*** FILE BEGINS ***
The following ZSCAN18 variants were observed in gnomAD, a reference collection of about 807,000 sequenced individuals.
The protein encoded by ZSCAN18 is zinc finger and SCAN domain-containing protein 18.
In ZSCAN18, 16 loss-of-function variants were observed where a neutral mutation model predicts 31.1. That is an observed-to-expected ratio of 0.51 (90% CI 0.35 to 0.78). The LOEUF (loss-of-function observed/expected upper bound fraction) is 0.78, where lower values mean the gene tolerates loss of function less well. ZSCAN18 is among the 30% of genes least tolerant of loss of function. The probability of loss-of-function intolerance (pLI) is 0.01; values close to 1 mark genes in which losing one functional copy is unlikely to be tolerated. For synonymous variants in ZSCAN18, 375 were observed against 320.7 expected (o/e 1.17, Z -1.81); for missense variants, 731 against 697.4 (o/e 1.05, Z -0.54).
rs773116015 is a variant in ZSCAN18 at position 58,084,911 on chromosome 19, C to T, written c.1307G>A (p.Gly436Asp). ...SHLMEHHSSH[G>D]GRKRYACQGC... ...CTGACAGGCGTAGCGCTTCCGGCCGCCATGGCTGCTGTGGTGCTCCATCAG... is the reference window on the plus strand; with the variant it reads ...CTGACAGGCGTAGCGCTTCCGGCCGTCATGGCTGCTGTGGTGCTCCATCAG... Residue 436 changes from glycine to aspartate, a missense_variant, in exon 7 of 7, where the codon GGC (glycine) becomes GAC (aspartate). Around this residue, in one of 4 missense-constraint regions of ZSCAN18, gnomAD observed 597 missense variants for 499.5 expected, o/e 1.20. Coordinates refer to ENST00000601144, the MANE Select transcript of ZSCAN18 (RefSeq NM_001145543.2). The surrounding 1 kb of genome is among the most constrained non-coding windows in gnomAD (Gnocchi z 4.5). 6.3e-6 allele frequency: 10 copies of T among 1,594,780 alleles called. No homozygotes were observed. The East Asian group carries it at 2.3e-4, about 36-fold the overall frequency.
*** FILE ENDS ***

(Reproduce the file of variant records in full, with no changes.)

The following ZSCAN18 variants were observed in gnomAD, a reference collection of about 807,000 sequenced individuals.
The protein encoded by ZSCAN18 is zinc finger and SCAN domain-containing protein 18.
In ZSCAN18, 16 loss-of-function variants were observed where a neutral mutation model predicts 31.1. That is an observed-to-expected ratio of 0.51 (90% CI 0.35 to 0.78). The LOEUF (loss-of-function observed/expected upper bound fraction) is 0.78, where lower values mean the gene tolerates loss of function less well. ZSCAN18 is among the 30% of genes least tolerant of loss of function. The probability of loss-of-function intolerance (pLI) is 0.01; values close to 1 mark genes in which losing one functional copy is unlikely to be tolerated. For synonymous variants in ZSCAN18, 375 were observed against 320.7 expected (o/e 1.17, Z -1.81); for missense variants, 731 against 697.4 (o/e 1.05, Z -0.54).
rs773116015 is a variant in ZSCAN18 at position 58,084,911 on chromosome 19, C to T, written c.1307G>A (p.Gly436Asp). ...SHLMEHHSSH[G>D]GRKRYACQGC... ...CTGACAGGCGTAGCGCTTCCGGCCGCCATGGCTGCTGTGGTGCTCCATCAG... is the reference window on the plus strand; with the variant it reads ...CTGACAGGCGTAGCGCTTCCGGCCGTCATGGCTGCTGTGGTGCTCCATCAG... Residue 436 changes from glycine to aspartate, a missense_variant, in exon 7 of 7, where the codon GGC (glycine) becomes GAC (aspartate). Around this residue, in one of 4 missense-constraint regions of ZSCAN18, gnomAD observed 597 missense variants for 499.5 expected, o/e 1.20. Coordinates refer to ENST00000601144, the MANE Select transcript of ZSCAN18 (RefSeq NM_001145543.2). The surrounding 1 kb of genome is among the most constrained non-coding windows in gnomAD (Gnocchi z 4.5). 6.3e-6 allele frequency: 10 copies of T among 1,594,780 alleles called. No homozygotes were observed. The East Asian group carries it at 2.3e-4, about 36-fold the overall frequency.